Perhaps you all know Mark O’Connell, since he writes at The Millions and the New Yorker’s Book Bench. The latter is where I found these paragraphs about reader marginalia. They begin by talking about Sam Anderson and his interest in marginalia:
This enthusiasm for an underpraised form of writing is infectious, and he makes a compelling case for marginalia-sharing as a means of giving readers’ observations more currency in the literary exchange. But I think he underestimates the extent to which most readers value annotations precisely because they are a private exchange between themselves and whatever book they happen to be talking back to. Personally, I get slightly edgy when people pick paperbacks off my shelves and flick through them; there’s something slightly mortifying about anybody else reading these earnest or facetious marginal interjections (“V. interesting, this!,” “Austen can really write!,” or “Sure, whatever, Wittgenstein ”)
The Kindle allows for electronic marginalia via the “notes” function, but it feels all wrong: something about having to call up a menu and type a note on the keypad, with its little stud-like plastic buttons, makes the whole process seem forced and contrived. Marginalia are supposed to be spontaneous and fluent. “Noting” something on a Kindle feels like e-mailing yourself a throwaway remark. There’s also something attractive about the contrast between the impersonal authority of the printed page and the idiosyncrasies of the reader’s handwriting. A book someone has written in is an oddly intimate object; like an item of clothing once worn by a person now passed away, it retains something of its former owner’s presence.
I’m delighted to see that these solid book history questions are getting such prominent play. And marginalia seems to be a hot topic lately, which also pleases me.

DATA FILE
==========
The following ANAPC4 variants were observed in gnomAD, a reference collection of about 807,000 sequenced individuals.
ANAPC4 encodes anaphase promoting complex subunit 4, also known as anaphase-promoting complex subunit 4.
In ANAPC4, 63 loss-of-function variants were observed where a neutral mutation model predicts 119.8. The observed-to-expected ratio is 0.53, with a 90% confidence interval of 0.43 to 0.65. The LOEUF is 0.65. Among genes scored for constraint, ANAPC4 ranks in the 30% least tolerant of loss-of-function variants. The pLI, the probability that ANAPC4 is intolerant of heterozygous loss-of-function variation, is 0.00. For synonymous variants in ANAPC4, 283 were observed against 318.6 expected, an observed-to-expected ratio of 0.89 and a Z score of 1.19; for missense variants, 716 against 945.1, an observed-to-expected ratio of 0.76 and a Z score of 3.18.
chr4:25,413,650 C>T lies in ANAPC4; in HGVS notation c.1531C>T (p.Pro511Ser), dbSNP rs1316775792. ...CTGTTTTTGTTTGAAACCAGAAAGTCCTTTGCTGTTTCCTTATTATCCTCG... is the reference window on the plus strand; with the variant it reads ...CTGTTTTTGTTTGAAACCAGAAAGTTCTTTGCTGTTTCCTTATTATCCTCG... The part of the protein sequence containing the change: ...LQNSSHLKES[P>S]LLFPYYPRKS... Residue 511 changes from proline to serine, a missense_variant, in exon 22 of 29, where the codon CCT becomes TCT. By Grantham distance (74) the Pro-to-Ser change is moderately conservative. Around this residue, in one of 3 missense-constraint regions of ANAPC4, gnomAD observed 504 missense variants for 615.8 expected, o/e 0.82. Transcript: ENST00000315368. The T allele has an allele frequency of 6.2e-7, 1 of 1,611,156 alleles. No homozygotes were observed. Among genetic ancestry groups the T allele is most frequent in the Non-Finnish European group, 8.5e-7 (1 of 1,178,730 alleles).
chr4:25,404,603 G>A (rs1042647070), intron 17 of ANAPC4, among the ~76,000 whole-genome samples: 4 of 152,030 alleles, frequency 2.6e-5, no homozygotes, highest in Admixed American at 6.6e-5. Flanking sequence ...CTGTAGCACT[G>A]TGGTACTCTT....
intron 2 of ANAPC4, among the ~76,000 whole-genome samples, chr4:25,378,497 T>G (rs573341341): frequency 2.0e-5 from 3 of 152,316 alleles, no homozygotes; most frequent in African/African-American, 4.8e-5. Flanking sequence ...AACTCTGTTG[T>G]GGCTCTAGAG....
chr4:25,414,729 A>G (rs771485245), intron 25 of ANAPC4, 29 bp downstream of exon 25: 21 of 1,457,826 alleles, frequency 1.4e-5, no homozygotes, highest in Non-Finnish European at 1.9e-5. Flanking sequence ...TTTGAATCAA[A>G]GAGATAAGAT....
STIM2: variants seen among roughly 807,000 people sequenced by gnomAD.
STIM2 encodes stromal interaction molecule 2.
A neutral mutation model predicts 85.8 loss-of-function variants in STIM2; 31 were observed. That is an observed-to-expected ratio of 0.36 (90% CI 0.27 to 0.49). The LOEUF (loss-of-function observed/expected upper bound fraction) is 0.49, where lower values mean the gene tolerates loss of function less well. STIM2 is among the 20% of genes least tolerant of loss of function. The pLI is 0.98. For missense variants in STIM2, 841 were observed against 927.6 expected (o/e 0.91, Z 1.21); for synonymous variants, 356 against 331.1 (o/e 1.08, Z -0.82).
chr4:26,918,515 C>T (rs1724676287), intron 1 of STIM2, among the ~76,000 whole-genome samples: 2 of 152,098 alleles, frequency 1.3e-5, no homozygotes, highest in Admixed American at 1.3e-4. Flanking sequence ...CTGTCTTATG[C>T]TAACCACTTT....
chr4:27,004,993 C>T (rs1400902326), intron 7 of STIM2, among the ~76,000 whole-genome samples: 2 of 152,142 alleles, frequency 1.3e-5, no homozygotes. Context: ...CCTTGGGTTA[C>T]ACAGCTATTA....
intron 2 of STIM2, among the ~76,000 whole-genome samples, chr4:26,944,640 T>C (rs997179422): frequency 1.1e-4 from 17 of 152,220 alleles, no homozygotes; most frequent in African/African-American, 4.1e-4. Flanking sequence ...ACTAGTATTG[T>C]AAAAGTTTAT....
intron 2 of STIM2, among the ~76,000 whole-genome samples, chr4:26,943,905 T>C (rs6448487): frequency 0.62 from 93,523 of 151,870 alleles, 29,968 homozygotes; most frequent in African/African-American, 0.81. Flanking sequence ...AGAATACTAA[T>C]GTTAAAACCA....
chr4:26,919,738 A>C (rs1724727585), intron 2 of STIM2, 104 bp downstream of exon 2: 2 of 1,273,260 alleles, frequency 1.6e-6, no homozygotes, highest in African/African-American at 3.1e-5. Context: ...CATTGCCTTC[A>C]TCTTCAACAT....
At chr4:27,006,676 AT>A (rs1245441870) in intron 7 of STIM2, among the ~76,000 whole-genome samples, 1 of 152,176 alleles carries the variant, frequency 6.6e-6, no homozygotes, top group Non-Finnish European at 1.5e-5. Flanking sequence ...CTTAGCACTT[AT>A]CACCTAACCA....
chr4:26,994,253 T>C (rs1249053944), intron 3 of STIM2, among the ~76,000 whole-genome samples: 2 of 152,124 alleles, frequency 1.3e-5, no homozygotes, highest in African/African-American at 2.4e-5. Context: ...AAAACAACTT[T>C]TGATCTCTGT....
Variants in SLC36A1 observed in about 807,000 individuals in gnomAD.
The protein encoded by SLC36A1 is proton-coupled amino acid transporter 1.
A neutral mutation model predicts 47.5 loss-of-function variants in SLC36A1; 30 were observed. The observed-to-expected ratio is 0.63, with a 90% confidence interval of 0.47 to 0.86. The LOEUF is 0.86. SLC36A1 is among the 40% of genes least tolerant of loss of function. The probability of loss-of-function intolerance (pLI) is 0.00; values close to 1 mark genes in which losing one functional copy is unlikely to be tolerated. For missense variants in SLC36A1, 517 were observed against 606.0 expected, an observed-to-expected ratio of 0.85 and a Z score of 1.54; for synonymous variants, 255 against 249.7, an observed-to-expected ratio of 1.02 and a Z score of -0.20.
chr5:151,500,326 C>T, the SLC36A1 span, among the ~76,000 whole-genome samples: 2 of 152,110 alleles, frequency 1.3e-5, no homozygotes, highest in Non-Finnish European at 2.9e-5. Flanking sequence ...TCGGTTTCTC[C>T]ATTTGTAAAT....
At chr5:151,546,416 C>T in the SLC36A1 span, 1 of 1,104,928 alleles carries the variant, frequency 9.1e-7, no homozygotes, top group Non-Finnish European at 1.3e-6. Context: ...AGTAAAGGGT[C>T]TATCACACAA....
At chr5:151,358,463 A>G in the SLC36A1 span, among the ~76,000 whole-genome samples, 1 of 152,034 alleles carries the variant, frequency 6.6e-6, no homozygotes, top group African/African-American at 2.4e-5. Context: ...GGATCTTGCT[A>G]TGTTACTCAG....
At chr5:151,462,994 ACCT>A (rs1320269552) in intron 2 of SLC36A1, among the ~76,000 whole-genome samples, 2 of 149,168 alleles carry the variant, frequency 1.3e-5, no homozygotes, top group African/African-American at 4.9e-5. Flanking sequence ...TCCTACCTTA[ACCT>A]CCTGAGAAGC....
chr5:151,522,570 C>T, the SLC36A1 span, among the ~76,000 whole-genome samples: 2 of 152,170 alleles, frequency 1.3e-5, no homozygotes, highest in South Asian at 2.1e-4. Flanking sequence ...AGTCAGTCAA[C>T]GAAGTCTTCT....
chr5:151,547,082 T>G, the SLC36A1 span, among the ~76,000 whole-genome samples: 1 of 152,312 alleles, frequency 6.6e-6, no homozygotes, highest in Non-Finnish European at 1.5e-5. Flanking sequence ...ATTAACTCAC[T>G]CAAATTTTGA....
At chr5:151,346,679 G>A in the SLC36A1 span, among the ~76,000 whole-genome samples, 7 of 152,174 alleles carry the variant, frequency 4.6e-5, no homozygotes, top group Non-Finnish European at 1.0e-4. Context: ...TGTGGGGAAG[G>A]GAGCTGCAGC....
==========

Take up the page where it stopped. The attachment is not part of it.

Perhaps it’s a mark of my age that I think she can't possibly be right about this. I mean, yes, some of the objections in the second paragraph—about the aesthetics of the contrast between print and handwriting and the aura of intimacy that marginal comments create—might be addressed in small technological advances or changes. And perhaps I'm like the old baseball men in Moneyball, who insist that there are “intangibles” for which the statistical study of baseball can never account. I hope not, as I think the case is pretty convincing that those old baseball men are wrong. But I can’t shake the belief that digital technology will never be able to replicate the feel of reading (and writing in the margins of) a codex.
There is an aspect of this question that takes me back to my previous post, about Paul Holdengräber and his document, a copy of Eco’s book that contains text not in my copy. Such used to be the case with marginalia: for most of the history of reading, reader-generated marginalia was unique to each individual document, because marginalia was produced by hand. Shared marginalia in manuscripts and printed books is common—what else is a footnote?—but it is rare once the book has left the scribe or printer. But it is possible with ebooks, now, to make marginalia travel from reader to reader. In gaining this interconnectivity, we might also lose something, something local, something rare, something individual, and, if not private, certainly not published in the traditional sense.
It is not that marginalia makes a document more of a document; it makes it a different kind of document. Perhaps it is a question of character. In Act 4 of Hamlet, when letters from Hamlet arrive and announce unexpected things to King Claudius, Laertes asks, “Know you the hand?” and the King replies, “’Tis Hamlet’s character.” Perhaps that is what I mean: reader-generated marginalia in codexes give the document character. I have trouble imagining the same for ebooks.